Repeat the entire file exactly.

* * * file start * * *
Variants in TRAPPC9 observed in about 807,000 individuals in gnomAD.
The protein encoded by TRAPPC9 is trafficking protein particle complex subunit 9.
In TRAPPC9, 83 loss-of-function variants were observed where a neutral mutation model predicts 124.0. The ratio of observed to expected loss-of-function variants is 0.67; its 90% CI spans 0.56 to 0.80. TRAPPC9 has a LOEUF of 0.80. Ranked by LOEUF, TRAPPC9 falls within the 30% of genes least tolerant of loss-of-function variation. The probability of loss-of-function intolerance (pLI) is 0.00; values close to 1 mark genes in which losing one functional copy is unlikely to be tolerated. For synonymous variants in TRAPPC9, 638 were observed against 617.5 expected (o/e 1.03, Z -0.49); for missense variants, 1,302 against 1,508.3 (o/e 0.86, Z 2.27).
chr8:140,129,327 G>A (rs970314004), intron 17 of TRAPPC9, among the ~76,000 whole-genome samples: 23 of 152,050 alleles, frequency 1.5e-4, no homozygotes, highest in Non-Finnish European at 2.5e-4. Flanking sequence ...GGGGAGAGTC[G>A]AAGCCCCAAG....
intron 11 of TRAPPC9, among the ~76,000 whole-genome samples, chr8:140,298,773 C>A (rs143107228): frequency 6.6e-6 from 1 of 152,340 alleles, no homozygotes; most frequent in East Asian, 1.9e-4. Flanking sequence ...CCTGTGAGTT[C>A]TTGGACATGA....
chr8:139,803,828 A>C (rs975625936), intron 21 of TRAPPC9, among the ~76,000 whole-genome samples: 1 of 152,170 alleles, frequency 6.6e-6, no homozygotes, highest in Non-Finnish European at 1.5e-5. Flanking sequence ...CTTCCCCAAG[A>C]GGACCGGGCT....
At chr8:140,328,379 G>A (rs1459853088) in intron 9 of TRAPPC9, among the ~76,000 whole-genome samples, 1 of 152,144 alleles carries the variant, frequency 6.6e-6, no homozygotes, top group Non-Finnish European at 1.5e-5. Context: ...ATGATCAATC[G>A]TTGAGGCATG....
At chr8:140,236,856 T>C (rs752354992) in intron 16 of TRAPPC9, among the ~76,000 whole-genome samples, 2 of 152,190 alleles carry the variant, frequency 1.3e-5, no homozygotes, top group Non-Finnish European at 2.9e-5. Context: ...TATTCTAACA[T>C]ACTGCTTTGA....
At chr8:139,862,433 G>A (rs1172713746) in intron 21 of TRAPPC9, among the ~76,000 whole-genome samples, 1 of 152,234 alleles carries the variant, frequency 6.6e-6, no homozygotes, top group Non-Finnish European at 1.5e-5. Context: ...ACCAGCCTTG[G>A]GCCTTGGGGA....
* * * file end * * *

Variants in TRAPPC9 observed in about 807,000 individuals in gnomAD.
The protein encoded by TRAPPC9 is trafficking protein particle complex subunit 9.
In TRAPPC9, 83 loss-of-function variants were observed where a neutral mutation model predicts 124.0. The ratio of observed to expected loss-of-function variants is 0.67; its 90% CI spans 0.56 to 0.80. TRAPPC9 has a LOEUF of 0.80. Ranked by LOEUF, TRAPPC9 falls within the 30% of genes least tolerant of loss-of-function variation. The probability of loss-of-function intolerance (pLI) is 0.00; values close to 1 mark genes in which losing one functional copy is unlikely to be tolerated. For synonymous variants in TRAPPC9, 638 were observed against 617.5 expected (o/e 1.03, Z -0.49); for missense variants, 1,302 against 1,508.3 (o/e 0.86, Z 2.27).
chr8:140,129,327 G>A (rs970314004), intron 17 of TRAPPC9, among the ~76,000 whole-genome samples: 23 of 152,050 alleles, frequency 1.5e-4, no homozygotes, highest in Non-Finnish European at 2.5e-4. Flanking sequence ...GGGGAGAGTC[G>A]AAGCCCCAAG....
intron 11 of TRAPPC9, among the ~76,000 whole-genome samples, chr8:140,298,773 C>A (rs143107228): frequency 6.6e-6 from 1 of 152,340 alleles, no homozygotes; most frequent in East Asian, 1.9e-4. Flanking sequence ...CCTGTGAGTT[C>A]TTGGACATGA....
chr8:139,803,828 A>C (rs975625936), intron 21 of TRAPPC9, among the ~76,000 whole-genome samples: 1 of 152,170 alleles, frequency 6.6e-6, no homozygotes, highest in Non-Finnish European at 1.5e-5. Flanking sequence ...CTTCCCCAAG[A>C]GGACCGGGCT....
At chr8:140,328,379 G>A (rs1459853088) in intron 9 of TRAPPC9, among the ~76,000 whole-genome samples, 1 of 152,144 alleles carries the variant, frequency 6.6e-6, no homozygotes, top group Non-Finnish European at 1.5e-5. Context: ...ATGATCAATC[G>A]TTGAGGCATG....
At chr8:140,236,856 T>C (rs752354992) in intron 16 of TRAPPC9, among the ~76,000 whole-genome samples, 2 of 152,190 alleles carry the variant, frequency 1.3e-5, no homozygotes, top group Non-Finnish European at 2.9e-5. Context: ...TATTCTAACA[T>C]ACTGCTTTGA....
At chr8:139,862,433 G>A (rs1172713746) in intron 21 of TRAPPC9, among the ~76,000 whole-genome samples, 1 of 152,234 alleles carries the variant, frequency 6.6e-6, no homozygotes, top group Non-Finnish European at 1.5e-5. Context: ...ACCAGCCTTG[G>A]GCCTTGGGGA....